Thursday, June 11, 2009

Immortal Iron Fist: The Last Iron Fist Story by Ed Brubaker and Matt Fraction; ill. by David Aja

As mentioned previously, I've been attempting to broaden my horizons. I've always liked the idea of superhero comics, but I've never read many myself. And those that I have, I've never started in a good place where I can actually understand the story. Superhero comics are full of in-jokes and wink-wink-nudge-nudge to longtime fans, and therefore can be either intimidating or irritating, or in the worst case, both. The series can be long and there's an assumption of knowledge of backstory. And there is almost always a hell of a lot of backstory. Some of it is canon. Some of it is not. There are many people who can keep it all straight in their heads -- I am not one of them.

I ordered The Last Iron Fist Story from the library based on a review at Tor (this time, not Jo Walton!). I thought -- okay. Honouring backstory, but reinventing -- maybe I can get behind this. I will be the first to admit, before we go further, I really don't know anything about comic conventions in general or the Iron Fist in particular. This is a twenty-something trying to get into comics for the first time. So if I state the obvious or make mistakes, bear with me.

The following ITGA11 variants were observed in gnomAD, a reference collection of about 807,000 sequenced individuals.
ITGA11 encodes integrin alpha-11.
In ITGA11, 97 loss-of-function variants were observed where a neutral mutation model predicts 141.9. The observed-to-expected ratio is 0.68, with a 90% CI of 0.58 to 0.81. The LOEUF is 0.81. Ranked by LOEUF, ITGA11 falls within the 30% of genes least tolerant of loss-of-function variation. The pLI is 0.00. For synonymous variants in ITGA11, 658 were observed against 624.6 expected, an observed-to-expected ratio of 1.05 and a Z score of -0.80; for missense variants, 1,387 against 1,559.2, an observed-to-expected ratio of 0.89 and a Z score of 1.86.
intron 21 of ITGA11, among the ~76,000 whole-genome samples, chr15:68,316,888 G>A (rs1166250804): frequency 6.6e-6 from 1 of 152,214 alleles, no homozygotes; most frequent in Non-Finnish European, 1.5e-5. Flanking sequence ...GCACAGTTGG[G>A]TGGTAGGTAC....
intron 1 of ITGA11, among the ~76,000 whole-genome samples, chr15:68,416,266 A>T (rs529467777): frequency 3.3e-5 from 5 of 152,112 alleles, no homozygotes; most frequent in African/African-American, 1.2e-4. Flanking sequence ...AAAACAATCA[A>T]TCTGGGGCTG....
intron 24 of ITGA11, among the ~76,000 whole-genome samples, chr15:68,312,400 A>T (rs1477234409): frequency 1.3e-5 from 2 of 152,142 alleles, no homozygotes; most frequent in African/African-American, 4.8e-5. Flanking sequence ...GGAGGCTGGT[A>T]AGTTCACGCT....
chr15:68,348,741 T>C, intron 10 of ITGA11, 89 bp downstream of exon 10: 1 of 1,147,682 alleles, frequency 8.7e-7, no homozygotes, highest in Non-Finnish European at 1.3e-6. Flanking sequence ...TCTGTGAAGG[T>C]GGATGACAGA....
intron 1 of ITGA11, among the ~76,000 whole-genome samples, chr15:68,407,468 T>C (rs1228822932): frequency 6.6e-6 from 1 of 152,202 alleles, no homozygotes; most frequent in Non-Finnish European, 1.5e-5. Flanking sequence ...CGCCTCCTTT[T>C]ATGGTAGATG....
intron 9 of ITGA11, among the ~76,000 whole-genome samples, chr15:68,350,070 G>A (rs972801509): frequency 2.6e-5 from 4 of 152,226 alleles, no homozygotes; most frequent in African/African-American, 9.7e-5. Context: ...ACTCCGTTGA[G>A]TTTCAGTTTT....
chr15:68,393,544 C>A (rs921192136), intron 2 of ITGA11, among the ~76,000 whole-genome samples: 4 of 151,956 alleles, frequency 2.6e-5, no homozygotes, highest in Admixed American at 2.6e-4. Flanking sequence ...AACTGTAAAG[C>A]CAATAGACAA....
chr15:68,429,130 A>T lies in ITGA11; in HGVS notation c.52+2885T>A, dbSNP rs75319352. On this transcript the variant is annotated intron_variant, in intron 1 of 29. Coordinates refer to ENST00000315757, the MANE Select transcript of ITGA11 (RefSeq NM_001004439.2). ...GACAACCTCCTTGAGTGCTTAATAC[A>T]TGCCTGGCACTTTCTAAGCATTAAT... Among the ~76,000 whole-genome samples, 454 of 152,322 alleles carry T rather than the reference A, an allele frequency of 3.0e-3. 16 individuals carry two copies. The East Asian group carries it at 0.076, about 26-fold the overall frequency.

At first I doubted myself. There were characters that were clearly old favourites introduced with nothing but pictures. But I forged on. And those people were gradually introduced to me, without painful or clumsy exposition passages. The storytelling is actually fairly subtle, which I didn't expect -- the action, on the other hand, is not. The reader is steeped in this dark, gritty world from beginning to end. And at the end of the volume (collecting #1-6 of The Immortal Iron Fist, apparently) I found myself invested in what happens to Danny Rand aka Iron Fist as he heads off to what promises to be an action-packed interdimensional kung-fu tournament.

Danny Rand is the latest in a long line of heroes to hold the title of Iron Fist (this is complicated -- read the Tor article for a better explanation than I can give), and he's also an extremely wealthy and very bored CEO of a powerful holdings company (and it builds fast trains!) called Rand Corp. As we come in, he's investigating what appears to be a shady corporation looking to buy some of Rand's technology. Things balloon quite quickly from there. It's not always obvious what the hell is going on, but it actually tends to fit together quite neatly if the reader is a little patient. Re-readings are rewarded. There are subplots involving Danny's status as an unregistered superhero; an ex(?)-lover and some of Danny's superhero friends; and the man who runs Rand Corp. for Danny; any of those subplots could (and likely will) be developed into main plots in further installments.

Overall, I enjoyed my foray into superhero comics. I think I'll try to continue to follow this series, at least, as it continues in a volume called The Seven Capital Cities of Heaven. I don't know, to be honest, that I'll go out of my way to pick up any other comic books, but at least now I have a better idea of what people see in them.

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